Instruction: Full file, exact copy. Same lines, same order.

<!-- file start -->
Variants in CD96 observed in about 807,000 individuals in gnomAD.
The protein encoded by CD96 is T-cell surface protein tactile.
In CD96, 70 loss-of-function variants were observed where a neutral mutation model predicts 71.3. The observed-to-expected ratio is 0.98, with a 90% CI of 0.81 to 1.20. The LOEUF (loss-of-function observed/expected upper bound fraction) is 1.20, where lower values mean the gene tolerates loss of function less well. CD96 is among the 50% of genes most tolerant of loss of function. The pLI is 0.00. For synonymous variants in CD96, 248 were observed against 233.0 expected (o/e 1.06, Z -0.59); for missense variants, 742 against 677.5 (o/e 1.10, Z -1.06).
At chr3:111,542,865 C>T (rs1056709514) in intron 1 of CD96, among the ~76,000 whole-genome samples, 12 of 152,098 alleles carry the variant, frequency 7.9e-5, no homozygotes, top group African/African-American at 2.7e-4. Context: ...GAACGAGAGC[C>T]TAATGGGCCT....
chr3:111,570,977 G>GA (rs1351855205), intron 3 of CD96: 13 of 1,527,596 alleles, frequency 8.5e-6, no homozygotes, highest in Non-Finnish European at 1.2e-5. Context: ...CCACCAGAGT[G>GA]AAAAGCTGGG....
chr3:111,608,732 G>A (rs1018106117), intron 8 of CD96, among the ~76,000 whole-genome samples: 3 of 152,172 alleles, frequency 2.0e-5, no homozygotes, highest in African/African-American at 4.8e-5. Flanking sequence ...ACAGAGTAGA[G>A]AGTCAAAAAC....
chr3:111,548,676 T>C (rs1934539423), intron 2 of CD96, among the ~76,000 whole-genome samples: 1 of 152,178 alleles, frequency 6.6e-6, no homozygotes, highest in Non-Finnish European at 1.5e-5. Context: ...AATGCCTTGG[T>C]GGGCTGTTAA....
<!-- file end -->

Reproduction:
Variants in CD96 observed in about 807,000 individuals in gnomAD.
The protein encoded by CD96 is T-cell surface protein tactile.
In CD96, 70 loss-of-function variants were observed where a neutral mutation model predicts 71.3. The observed-to-expected ratio is 0.98, with a 90% CI of 0.81 to 1.20. The LOEUF (loss-of-function observed/expected upper bound fraction) is 1.20, where lower values mean the gene tolerates loss of function less well. CD96 is among the 50% of genes most tolerant of loss of function. The pLI is 0.00. For synonymous variants in CD96, 248 were observed against 233.0 expected (o/e 1.06, Z -0.59); for missense variants, 742 against 677.5 (o/e 1.10, Z -1.06).
At chr3:111,542,865 C>T (rs1056709514) in intron 1 of CD96, among the ~76,000 whole-genome samples, 12 of 152,098 alleles carry the variant, frequency 7.9e-5, no homozygotes, top group African/African-American at 2.7e-4. Context: ...GAACGAGAGC[C>T]TAATGGGCCT....
chr3:111,570,977 G>GA (rs1351855205), intron 3 of CD96: 13 of 1,527,596 alleles, frequency 8.5e-6, no homozygotes, highest in Non-Finnish European at 1.2e-5. Context: ...CCACCAGAGT[G>GA]AAAAGCTGGG....
chr3:111,608,732 G>A (rs1018106117), intron 8 of CD96, among the ~76,000 whole-genome samples: 3 of 152,172 alleles, frequency 2.0e-5, no homozygotes, highest in African/African-American at 4.8e-5. Flanking sequence ...ACAGAGTAGA[G>A]AGTCAAAAAC....
chr3:111,548,676 T>C (rs1934539423), intron 2 of CD96, among the ~76,000 whole-genome samples: 1 of 152,178 alleles, frequency 6.6e-6, no homozygotes, highest in Non-Finnish European at 1.5e-5. Context: ...AATGCCTTGG[T>C]GGGCTGTTAA....